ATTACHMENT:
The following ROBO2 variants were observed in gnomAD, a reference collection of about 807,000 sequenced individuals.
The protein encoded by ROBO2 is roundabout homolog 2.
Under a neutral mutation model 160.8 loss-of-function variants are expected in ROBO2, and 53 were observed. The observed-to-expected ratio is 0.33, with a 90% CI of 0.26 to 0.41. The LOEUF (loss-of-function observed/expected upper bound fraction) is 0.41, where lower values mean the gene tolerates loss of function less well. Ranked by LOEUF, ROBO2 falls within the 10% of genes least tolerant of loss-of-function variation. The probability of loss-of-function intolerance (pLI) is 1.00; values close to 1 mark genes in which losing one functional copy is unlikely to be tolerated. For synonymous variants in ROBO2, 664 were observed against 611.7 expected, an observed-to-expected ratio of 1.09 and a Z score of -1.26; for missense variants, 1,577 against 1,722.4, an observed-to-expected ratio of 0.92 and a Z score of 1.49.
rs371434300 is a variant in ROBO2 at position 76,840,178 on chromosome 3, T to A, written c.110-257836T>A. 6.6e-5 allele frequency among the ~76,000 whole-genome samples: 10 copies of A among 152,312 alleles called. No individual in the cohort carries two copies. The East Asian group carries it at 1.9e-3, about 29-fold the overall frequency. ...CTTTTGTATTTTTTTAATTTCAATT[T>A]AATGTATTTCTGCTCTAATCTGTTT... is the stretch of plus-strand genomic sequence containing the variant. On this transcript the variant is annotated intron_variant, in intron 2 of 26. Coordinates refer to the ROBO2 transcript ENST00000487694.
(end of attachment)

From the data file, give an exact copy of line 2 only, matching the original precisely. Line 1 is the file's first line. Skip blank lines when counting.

The protein encoded by ROBO2 is roundabout homolog 2.